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Active Travel England rates councils' capability to deliver infrastructure — 94% fall in lowest three categories

Just five of the 79 local authorities achieved Active Travel England's 'Rating 3' with "comprehensive plans and a significant network in place" — none achieved 'Rating 4', the highest level...

The extent to which English local authorities need to improve their active travel credentials has been laid bare by Active Travel England's 'capability ratings', a "first ever review" of councils' ability to deliver active travel infrastructure schemes.

Taking into account the "three core ingredients to succeed" in delivering the government's objective of 50 per cent of trips in England's towns and cities to be walked, wheeled or cycled by 2030 — namely, strong leadership, ambition and a track record of delivery — each of the 79 local transport authorities outside of London completed a self-assessed rating, which was then subject to validation by Active Travel England.

The ratings will be used to guide the initial allocation of Active Travel and Capability Funding, Active Travel England says, with the body promising to support local authorities to improve their ratings in time for the next update in the summer.

A concerning picture?

Active Travel England capability ratings March 2023

The headlines? Just five local authorities — Nottingham, Greater Manchester, Leicester, West Midlands and West Yorkshire — achieved a level three rating, the remaining 94 per cent fell in the bottom three levels.

Four local authorities — Rutland, Leicestershire, West Sussex and Worcestershire — were scored in the lowest level 0 bracket, while not one council achieved level four, the highest possible.

Of the 79, 40 local authorities (51 per cent) received a level one rating, 30 (38 per cent) were given a level two rating, while five per cent and six per cent were given level zero and level three ratings respectively.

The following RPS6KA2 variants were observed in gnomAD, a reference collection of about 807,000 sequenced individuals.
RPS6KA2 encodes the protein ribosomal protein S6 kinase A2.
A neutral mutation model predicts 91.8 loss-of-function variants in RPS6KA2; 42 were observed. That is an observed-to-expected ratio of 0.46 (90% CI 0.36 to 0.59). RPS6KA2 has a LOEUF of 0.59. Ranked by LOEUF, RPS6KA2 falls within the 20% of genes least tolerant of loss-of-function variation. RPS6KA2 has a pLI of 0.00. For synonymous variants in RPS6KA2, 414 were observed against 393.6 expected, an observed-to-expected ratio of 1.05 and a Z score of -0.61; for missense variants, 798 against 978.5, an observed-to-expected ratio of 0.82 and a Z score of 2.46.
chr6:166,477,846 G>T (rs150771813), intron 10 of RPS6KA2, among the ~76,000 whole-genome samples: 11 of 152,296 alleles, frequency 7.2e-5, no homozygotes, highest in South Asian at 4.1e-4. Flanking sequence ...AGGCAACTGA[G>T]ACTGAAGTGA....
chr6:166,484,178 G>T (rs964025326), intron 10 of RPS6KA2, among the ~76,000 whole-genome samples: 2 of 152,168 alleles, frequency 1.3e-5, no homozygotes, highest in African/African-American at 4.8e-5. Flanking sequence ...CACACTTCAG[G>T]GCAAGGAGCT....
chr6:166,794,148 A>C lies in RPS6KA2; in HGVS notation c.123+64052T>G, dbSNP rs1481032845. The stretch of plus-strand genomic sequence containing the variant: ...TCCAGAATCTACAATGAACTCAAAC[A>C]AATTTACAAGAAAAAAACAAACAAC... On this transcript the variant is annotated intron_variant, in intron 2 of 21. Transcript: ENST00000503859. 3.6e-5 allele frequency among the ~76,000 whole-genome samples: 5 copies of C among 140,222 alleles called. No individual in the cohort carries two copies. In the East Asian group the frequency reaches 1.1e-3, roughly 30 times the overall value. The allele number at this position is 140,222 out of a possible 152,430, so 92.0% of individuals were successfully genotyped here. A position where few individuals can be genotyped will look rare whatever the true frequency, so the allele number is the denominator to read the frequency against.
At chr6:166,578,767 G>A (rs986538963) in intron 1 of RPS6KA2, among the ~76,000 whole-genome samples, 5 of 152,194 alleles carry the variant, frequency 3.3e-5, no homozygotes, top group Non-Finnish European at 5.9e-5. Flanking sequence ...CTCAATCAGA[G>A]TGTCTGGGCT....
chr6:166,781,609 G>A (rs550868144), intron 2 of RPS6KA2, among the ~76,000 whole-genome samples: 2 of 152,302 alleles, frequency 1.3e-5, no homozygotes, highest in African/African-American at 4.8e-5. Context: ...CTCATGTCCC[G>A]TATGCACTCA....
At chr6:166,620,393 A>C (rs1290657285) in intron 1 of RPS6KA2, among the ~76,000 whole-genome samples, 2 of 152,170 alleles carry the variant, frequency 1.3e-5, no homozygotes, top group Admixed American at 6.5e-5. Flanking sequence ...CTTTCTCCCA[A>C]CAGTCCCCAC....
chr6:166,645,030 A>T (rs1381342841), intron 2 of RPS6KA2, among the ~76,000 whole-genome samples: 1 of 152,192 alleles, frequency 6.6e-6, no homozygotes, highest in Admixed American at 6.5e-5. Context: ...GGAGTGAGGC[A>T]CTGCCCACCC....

Active Travel England pledged to help those struggling, "so eventually, there will be no rating zero authorities" but noted inspections will take place to assess the quality of provision on the ground to "inform future ratings".

Higher rated authorities are eligible to access more funding, Active Travel England added, however effectiveness, quality and deliverability will be the primary factors in deciding final allocations. Local authorities rated zero will not be invited to apply for the Active Travel Fund but may be eligible for capability funding if they wish to improve.

The ratings were initially self-assessed by the local authorities, with that score then validated against Department for Transport evidence, including "13 metrics, performance history and other proxy data".

Rating 0: Local leadership for active travel is not obvious, no significant plans are in place, the authority has delivered only lower complexity schemes.

Rating 1: Some local leadership with basic plans and isolated interventions that do not yet obviously form a plan for a network.

Rating 2: Strong local leadership, with clear plans that form the basis of an emerging network with a few elements already in place.

Rating 3: Very strong local leadership, comprehensive plans, and a significant network in place with a growing number of people choosing to walk, wheel and cycle.

Rating 4: Established culture of active travel with successive increases in walking, wheeling and cycling, underpinned by a dense integrated network and highly supportive policies to give more people the choice to walk or cycle.

 Explaining the "two-step" approach of asking local authorities for self-assessment before validating against data, Active Travel England CEO Danny Williams said the process "ensured outcomes were robust".

"This highly collaborative exercise was conducted to ensure every local authority had clarity on what was needed to secure funding and Active Travel England understood which type of support was required to ensure success," he said.

"A zero rating is something no one wants, least of all Active Travel England, but to be effective, we must all work from an accurate starting point. We want every authority to succeed and be able to access funding, so we will provide a support package that includes dedicated training, guidance and access to design support.